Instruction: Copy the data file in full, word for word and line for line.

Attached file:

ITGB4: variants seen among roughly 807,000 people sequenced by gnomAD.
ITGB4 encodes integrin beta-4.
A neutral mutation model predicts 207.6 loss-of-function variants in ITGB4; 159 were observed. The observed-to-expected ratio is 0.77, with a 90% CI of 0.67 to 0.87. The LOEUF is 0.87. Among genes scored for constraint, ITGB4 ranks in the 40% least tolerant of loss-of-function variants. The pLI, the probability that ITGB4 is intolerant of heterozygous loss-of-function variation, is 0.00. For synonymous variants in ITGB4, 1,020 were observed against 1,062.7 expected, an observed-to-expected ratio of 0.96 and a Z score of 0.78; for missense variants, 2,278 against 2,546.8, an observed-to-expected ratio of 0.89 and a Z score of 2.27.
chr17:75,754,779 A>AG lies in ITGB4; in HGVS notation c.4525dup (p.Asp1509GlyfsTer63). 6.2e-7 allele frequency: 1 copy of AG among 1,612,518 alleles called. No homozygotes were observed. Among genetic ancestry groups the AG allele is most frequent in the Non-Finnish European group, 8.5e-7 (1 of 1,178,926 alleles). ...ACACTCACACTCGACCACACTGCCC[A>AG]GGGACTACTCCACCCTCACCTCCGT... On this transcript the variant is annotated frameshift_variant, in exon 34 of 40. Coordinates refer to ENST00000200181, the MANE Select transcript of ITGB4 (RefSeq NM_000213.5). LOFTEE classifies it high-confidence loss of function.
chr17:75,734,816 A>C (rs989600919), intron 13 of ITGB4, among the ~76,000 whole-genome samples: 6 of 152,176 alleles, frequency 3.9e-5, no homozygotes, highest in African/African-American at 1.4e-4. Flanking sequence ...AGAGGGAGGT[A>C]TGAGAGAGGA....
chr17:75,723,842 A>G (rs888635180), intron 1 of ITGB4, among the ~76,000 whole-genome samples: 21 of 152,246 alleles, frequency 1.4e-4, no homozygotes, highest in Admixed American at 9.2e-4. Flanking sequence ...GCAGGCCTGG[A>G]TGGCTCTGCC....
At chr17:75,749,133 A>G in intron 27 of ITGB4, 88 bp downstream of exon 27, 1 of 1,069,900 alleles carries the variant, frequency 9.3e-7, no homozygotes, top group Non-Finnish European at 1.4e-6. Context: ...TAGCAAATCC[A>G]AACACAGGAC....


ITGB4: variants seen among roughly 807,000 people sequenced by gnomAD.
ITGB4 encodes integrin beta-4.
A neutral mutation model predicts 207.6 loss-of-function variants in ITGB4; 159 were observed. The observed-to-expected ratio is 0.77, with a 90% CI of 0.67 to 0.87. The LOEUF is 0.87. Among genes scored for constraint, ITGB4 ranks in the 40% least tolerant of loss-of-function variants. The pLI, the probability that ITGB4 is intolerant of heterozygous loss-of-function variation, is 0.00. For synonymous variants in ITGB4, 1,020 were observed against 1,062.7 expected, an observed-to-expected ratio of 0.96 and a Z score of 0.78; for missense variants, 2,278 against 2,546.8, an observed-to-expected ratio of 0.89 and a Z score of 2.27.
chr17:75,754,779 A>AG lies in ITGB4; in HGVS notation c.4525dup (p.Asp1509GlyfsTer63). 6.2e-7 allele frequency: 1 copy of AG among 1,612,518 alleles called. No homozygotes were observed. Among genetic ancestry groups the AG allele is most frequent in the Non-Finnish European group, 8.5e-7 (1 of 1,178,926 alleles). ...ACACTCACACTCGACCACACTGCCC[A>AG]GGGACTACTCCACCCTCACCTCCGT... On this transcript the variant is annotated frameshift_variant, in exon 34 of 40. Coordinates refer to ENST00000200181, the MANE Select transcript of ITGB4 (RefSeq NM_000213.5). LOFTEE classifies it high-confidence loss of function.
chr17:75,734,816 A>C (rs989600919), intron 13 of ITGB4, among the ~76,000 whole-genome samples: 6 of 152,176 alleles, frequency 3.9e-5, no homozygotes, highest in African/African-American at 1.4e-4. Flanking sequence ...AGAGGGAGGT[A>C]TGAGAGAGGA....
chr17:75,723,842 A>G (rs888635180), intron 1 of ITGB4, among the ~76,000 whole-genome samples: 21 of 152,246 alleles, frequency 1.4e-4, no homozygotes, highest in Admixed American at 9.2e-4. Flanking sequence ...GCAGGCCTGG[A>G]TGGCTCTGCC....
At chr17:75,749,133 A>G in intron 27 of ITGB4, 88 bp downstream of exon 27, 1 of 1,069,900 alleles carries the variant, frequency 9.3e-7, no homozygotes, top group Non-Finnish European at 1.4e-6. Context: ...TAGCAAATCC[A>G]AACACAGGAC....